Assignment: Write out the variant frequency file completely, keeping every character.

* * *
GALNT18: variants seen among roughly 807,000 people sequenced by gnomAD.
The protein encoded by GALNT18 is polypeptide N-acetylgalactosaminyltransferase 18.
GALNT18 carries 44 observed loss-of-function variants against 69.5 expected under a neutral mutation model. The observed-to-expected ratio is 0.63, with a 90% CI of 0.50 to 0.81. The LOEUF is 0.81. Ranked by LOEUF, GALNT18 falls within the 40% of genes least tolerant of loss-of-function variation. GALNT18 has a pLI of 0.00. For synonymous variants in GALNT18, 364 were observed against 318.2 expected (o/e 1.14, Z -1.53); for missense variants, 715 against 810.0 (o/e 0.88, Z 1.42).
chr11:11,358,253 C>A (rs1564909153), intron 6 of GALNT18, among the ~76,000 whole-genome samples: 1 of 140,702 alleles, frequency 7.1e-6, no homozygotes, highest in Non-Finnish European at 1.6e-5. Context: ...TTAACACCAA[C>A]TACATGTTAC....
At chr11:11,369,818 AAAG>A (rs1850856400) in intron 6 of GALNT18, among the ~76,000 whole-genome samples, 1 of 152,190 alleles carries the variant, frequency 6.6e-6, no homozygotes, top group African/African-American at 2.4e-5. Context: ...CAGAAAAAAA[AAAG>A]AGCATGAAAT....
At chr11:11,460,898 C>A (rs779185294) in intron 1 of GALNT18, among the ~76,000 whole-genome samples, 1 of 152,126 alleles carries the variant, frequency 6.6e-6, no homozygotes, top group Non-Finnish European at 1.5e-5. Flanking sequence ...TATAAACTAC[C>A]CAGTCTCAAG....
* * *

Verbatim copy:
GALNT18: variants seen among roughly 807,000 people sequenced by gnomAD.
The protein encoded by GALNT18 is polypeptide N-acetylgalactosaminyltransferase 18.
GALNT18 carries 44 observed loss-of-function variants against 69.5 expected under a neutral mutation model. The observed-to-expected ratio is 0.63, with a 90% CI of 0.50 to 0.81. The LOEUF is 0.81. Ranked by LOEUF, GALNT18 falls within the 40% of genes least tolerant of loss-of-function variation. GALNT18 has a pLI of 0.00. For synonymous variants in GALNT18, 364 were observed against 318.2 expected (o/e 1.14, Z -1.53); for missense variants, 715 against 810.0 (o/e 0.88, Z 1.42).
chr11:11,358,253 C>A (rs1564909153), intron 6 of GALNT18, among the ~76,000 whole-genome samples: 1 of 140,702 alleles, frequency 7.1e-6, no homozygotes, highest in Non-Finnish European at 1.6e-5. Context: ...TTAACACCAA[C>A]TACATGTTAC....
At chr11:11,369,818 AAAG>A (rs1850856400) in intron 6 of GALNT18, among the ~76,000 whole-genome samples, 1 of 152,190 alleles carries the variant, frequency 6.6e-6, no homozygotes, top group African/African-American at 2.4e-5. Context: ...CAGAAAAAAA[AAAG>A]AGCATGAAAT....
At chr11:11,460,898 C>A (rs779185294) in intron 1 of GALNT18, among the ~76,000 whole-genome samples, 1 of 152,126 alleles carries the variant, frequency 6.6e-6, no homozygotes, top group Non-Finnish European at 1.5e-5. Flanking sequence ...TATAAACTAC[C>A]CAGTCTCAAG....